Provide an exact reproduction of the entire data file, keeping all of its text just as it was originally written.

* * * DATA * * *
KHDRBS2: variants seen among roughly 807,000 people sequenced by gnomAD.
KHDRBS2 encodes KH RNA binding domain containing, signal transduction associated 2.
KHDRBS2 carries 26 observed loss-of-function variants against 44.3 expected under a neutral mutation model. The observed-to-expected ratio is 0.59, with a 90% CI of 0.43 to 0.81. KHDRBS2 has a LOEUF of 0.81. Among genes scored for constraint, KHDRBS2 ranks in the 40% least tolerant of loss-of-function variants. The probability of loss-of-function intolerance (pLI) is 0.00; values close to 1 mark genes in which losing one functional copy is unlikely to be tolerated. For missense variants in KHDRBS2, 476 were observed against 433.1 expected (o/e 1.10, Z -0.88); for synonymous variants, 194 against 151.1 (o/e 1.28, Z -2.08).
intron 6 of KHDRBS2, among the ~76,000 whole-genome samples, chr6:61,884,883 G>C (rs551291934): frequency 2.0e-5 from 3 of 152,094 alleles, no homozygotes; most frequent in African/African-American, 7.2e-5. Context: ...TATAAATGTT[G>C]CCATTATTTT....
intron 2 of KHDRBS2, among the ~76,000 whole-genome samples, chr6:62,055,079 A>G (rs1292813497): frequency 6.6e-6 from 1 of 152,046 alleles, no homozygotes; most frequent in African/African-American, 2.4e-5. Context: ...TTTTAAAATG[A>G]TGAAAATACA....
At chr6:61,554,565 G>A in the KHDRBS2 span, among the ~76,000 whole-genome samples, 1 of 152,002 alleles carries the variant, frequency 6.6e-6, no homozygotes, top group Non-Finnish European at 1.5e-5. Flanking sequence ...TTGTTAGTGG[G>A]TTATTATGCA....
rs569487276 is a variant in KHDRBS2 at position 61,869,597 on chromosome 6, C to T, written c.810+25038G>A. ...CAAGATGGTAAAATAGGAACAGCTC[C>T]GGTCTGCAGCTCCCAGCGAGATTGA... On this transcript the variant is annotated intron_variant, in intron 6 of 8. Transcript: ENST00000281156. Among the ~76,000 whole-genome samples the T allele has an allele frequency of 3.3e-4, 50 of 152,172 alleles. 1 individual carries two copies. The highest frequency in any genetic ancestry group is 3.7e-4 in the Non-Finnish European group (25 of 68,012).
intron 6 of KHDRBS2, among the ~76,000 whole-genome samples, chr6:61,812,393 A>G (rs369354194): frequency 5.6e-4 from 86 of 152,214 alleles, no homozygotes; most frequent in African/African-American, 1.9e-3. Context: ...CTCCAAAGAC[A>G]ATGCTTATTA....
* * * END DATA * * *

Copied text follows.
KHDRBS2: variants seen among roughly 807,000 people sequenced by gnomAD.
KHDRBS2 encodes KH RNA binding domain containing, signal transduction associated 2.
KHDRBS2 carries 26 observed loss-of-function variants against 44.3 expected under a neutral mutation model. The observed-to-expected ratio is 0.59, with a 90% CI of 0.43 to 0.81. KHDRBS2 has a LOEUF of 0.81. Among genes scored for constraint, KHDRBS2 ranks in the 40% least tolerant of loss-of-function variants. The probability of loss-of-function intolerance (pLI) is 0.00; values close to 1 mark genes in which losing one functional copy is unlikely to be tolerated. For missense variants in KHDRBS2, 476 were observed against 433.1 expected (o/e 1.10, Z -0.88); for synonymous variants, 194 against 151.1 (o/e 1.28, Z -2.08).
intron 6 of KHDRBS2, among the ~76,000 whole-genome samples, chr6:61,884,883 G>C (rs551291934): frequency 2.0e-5 from 3 of 152,094 alleles, no homozygotes; most frequent in African/African-American, 7.2e-5. Context: ...TATAAATGTT[G>C]CCATTATTTT....
intron 2 of KHDRBS2, among the ~76,000 whole-genome samples, chr6:62,055,079 A>G (rs1292813497): frequency 6.6e-6 from 1 of 152,046 alleles, no homozygotes; most frequent in African/African-American, 2.4e-5. Context: ...TTTTAAAATG[A>G]TGAAAATACA....
At chr6:61,554,565 G>A in the KHDRBS2 span, among the ~76,000 whole-genome samples, 1 of 152,002 alleles carries the variant, frequency 6.6e-6, no homozygotes, top group Non-Finnish European at 1.5e-5. Flanking sequence ...TTGTTAGTGG[G>A]TTATTATGCA....
rs569487276 is a variant in KHDRBS2 at position 61,869,597 on chromosome 6, C to T, written c.810+25038G>A. ...CAAGATGGTAAAATAGGAACAGCTC[C>T]GGTCTGCAGCTCCCAGCGAGATTGA... On this transcript the variant is annotated intron_variant, in intron 6 of 8. Transcript: ENST00000281156. Among the ~76,000 whole-genome samples the T allele has an allele frequency of 3.3e-4, 50 of 152,172 alleles. 1 individual carries two copies. The highest frequency in any genetic ancestry group is 3.7e-4 in the Non-Finnish European group (25 of 68,012).
intron 6 of KHDRBS2, among the ~76,000 whole-genome samples, chr6:61,812,393 A>G (rs369354194): frequency 5.6e-4 from 86 of 152,214 alleles, no homozygotes; most frequent in African/African-American, 1.9e-3. Context: ...CTCCAAAGAC[A>G]ATGCTTATTA....